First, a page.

First National Bank/ Baker Building – 711 Houston Street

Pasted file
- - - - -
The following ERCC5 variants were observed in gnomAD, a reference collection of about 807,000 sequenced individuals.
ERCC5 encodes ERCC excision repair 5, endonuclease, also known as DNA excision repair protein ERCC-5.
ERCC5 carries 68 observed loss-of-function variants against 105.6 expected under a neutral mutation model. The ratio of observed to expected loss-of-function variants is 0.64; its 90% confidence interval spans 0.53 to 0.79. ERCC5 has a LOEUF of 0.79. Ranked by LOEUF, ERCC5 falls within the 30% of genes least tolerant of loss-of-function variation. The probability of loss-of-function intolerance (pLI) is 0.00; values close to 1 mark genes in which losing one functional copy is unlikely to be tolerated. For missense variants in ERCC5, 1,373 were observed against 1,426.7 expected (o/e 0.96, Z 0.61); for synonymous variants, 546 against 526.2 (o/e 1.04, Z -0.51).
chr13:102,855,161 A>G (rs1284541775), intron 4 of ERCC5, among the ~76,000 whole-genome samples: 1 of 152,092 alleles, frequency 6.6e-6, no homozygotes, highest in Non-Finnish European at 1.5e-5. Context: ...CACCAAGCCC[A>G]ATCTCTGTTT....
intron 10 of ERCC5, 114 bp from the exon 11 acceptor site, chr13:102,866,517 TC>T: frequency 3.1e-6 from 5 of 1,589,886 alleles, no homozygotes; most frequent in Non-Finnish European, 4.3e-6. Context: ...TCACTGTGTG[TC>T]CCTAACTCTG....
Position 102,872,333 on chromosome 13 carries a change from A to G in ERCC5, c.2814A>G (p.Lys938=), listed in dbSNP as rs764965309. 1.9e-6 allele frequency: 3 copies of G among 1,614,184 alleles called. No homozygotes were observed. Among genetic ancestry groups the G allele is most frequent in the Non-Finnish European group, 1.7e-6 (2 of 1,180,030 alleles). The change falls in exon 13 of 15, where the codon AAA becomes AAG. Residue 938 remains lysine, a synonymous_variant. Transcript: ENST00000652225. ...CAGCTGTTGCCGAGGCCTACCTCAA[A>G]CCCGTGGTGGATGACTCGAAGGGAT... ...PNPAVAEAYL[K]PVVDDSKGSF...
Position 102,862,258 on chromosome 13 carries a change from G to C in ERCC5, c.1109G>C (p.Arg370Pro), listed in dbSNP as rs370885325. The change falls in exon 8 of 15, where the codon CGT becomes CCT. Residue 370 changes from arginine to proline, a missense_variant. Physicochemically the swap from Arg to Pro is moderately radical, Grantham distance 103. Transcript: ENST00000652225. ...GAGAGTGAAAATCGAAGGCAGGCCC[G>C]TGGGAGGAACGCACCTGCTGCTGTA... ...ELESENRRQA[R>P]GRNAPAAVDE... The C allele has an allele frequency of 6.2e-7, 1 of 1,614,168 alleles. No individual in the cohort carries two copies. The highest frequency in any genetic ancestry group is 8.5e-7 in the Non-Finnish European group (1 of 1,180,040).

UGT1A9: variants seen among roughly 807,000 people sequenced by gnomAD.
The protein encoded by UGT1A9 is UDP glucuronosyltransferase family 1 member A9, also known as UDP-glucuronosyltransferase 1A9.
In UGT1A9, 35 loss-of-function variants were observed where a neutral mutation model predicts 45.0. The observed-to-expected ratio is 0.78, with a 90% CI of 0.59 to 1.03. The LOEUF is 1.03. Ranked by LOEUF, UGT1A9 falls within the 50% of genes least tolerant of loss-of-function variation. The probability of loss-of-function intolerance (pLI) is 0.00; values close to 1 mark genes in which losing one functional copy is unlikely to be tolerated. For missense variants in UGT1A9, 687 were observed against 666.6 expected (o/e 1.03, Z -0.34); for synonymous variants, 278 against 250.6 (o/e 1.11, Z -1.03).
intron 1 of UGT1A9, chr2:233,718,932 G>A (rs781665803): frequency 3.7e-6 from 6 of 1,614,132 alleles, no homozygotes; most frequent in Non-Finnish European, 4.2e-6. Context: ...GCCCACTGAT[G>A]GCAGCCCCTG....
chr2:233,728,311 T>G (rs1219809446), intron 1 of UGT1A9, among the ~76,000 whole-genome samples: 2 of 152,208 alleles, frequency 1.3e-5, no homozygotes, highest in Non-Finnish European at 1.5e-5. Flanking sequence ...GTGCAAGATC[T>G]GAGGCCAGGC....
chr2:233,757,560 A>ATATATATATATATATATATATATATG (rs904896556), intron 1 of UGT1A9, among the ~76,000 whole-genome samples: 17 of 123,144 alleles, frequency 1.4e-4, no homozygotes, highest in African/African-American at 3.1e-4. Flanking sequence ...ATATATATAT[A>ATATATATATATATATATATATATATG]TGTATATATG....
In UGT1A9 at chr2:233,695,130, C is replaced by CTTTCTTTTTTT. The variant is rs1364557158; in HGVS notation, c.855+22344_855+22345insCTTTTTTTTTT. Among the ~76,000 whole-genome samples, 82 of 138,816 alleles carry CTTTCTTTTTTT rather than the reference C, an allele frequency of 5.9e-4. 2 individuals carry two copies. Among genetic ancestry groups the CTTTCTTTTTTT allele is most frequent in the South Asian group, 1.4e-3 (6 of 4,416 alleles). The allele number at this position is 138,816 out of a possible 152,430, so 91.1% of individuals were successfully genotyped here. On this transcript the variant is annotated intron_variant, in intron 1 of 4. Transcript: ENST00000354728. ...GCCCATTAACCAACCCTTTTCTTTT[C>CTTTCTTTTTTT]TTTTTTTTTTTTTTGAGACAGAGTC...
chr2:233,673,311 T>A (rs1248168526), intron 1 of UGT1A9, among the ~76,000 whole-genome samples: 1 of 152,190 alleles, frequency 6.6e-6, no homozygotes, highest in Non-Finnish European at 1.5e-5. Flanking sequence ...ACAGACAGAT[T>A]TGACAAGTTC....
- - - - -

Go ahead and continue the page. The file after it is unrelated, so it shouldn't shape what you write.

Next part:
711 Houston Street [NR*/Sky(NR)], First National Bank/Baker Building, 1910; 1926; 1967.  Incorporated on January 16, 1877, First National Bank was the oldest in the city when it hired architects Sanguinet and Staats to design its new ten-story building in 1910.  William Miller Sons and Co. of Pittsburgh, Pennsylvania constructed the elegant classical Beaux Arts structure.  When it was first built the bank building was only three bays wide on the Houston St. facade, with the entrance between a pair of massive cylindrical stone pillars.  In 1926 Wyatt C. Hedrick, successor to Sanguinet and Staats, designed an addition to the structure that essentially replicated the 1910 building to the north of the existing bank structure, doubling its size.  Harry B. Friedman of Fort Worth was the general contractor for the expansion.  After the 1926 expansion, the ground-level facade boasted a half-dozen stone columns set on massive bases with iron filigree work between them.  First National Bank occupied this building until 1961 when it moved to a new site.  In 1967, two years after the building was sold to E.L. Baker, Sr., it was extensively remodeled.  Modular concrete panels were installed at street-level and aluminum windows replaced the original wood sash windows.  The elaborate cornice remains intact.  Hueppelsheuser & White, Architects and Engineers designed the renovation and Butcher & Sweeney were the general contractors.  Capital National Bank was located here during the 1980s.  As it stands today, the building is a significant but compromised artifact of Fort Worth’s architectural and financial traditions.  In its original condition, the building would probably be eligible for the National Register.  It is a contributor to the proposed Downtown Skyscrapers National Register Thematic Group.

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